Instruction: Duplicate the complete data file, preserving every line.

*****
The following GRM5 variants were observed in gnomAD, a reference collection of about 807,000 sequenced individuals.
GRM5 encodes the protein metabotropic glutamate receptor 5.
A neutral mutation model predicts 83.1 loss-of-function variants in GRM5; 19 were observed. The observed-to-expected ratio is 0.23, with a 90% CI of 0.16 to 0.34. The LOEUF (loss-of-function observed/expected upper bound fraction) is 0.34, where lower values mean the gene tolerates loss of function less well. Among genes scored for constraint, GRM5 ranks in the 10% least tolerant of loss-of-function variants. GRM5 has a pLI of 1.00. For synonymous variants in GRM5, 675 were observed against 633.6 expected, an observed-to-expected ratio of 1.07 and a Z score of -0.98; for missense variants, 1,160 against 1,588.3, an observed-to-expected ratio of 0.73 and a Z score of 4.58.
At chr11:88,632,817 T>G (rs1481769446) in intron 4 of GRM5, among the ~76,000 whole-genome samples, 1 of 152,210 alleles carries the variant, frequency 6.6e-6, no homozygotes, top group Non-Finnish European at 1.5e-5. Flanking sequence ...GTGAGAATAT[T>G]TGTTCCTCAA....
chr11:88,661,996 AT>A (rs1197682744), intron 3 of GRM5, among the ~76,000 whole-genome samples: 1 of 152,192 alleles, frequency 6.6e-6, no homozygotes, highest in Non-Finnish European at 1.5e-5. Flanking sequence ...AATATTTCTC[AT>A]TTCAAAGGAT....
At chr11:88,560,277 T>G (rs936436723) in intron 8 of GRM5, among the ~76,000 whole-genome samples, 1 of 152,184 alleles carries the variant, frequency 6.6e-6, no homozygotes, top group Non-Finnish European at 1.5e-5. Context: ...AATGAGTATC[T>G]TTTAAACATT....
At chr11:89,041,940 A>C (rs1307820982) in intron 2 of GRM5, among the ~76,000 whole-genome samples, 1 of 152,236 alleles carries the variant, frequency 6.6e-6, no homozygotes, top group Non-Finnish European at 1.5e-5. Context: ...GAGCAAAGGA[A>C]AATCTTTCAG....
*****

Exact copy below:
The following GRM5 variants were observed in gnomAD, a reference collection of about 807,000 sequenced individuals.
GRM5 encodes the protein metabotropic glutamate receptor 5.
A neutral mutation model predicts 83.1 loss-of-function variants in GRM5; 19 were observed. The observed-to-expected ratio is 0.23, with a 90% CI of 0.16 to 0.34. The LOEUF (loss-of-function observed/expected upper bound fraction) is 0.34, where lower values mean the gene tolerates loss of function less well. Among genes scored for constraint, GRM5 ranks in the 10% least tolerant of loss-of-function variants. GRM5 has a pLI of 1.00. For synonymous variants in GRM5, 675 were observed against 633.6 expected, an observed-to-expected ratio of 1.07 and a Z score of -0.98; for missense variants, 1,160 against 1,588.3, an observed-to-expected ratio of 0.73 and a Z score of 4.58.
At chr11:88,632,817 T>G (rs1481769446) in intron 4 of GRM5, among the ~76,000 whole-genome samples, 1 of 152,210 alleles carries the variant, frequency 6.6e-6, no homozygotes, top group Non-Finnish European at 1.5e-5. Flanking sequence ...GTGAGAATAT[T>G]TGTTCCTCAA....
chr11:88,661,996 AT>A (rs1197682744), intron 3 of GRM5, among the ~76,000 whole-genome samples: 1 of 152,192 alleles, frequency 6.6e-6, no homozygotes, highest in Non-Finnish European at 1.5e-5. Flanking sequence ...AATATTTCTC[AT>A]TTCAAAGGAT....
At chr11:88,560,277 T>G (rs936436723) in intron 8 of GRM5, among the ~76,000 whole-genome samples, 1 of 152,184 alleles carries the variant, frequency 6.6e-6, no homozygotes, top group Non-Finnish European at 1.5e-5. Context: ...AATGAGTATC[T>G]TTTAAACATT....
At chr11:89,041,940 A>C (rs1307820982) in intron 2 of GRM5, among the ~76,000 whole-genome samples, 1 of 152,236 alleles carries the variant, frequency 6.6e-6, no homozygotes, top group Non-Finnish European at 1.5e-5. Context: ...GAGCAAAGGA[A>C]AATCTTTCAG....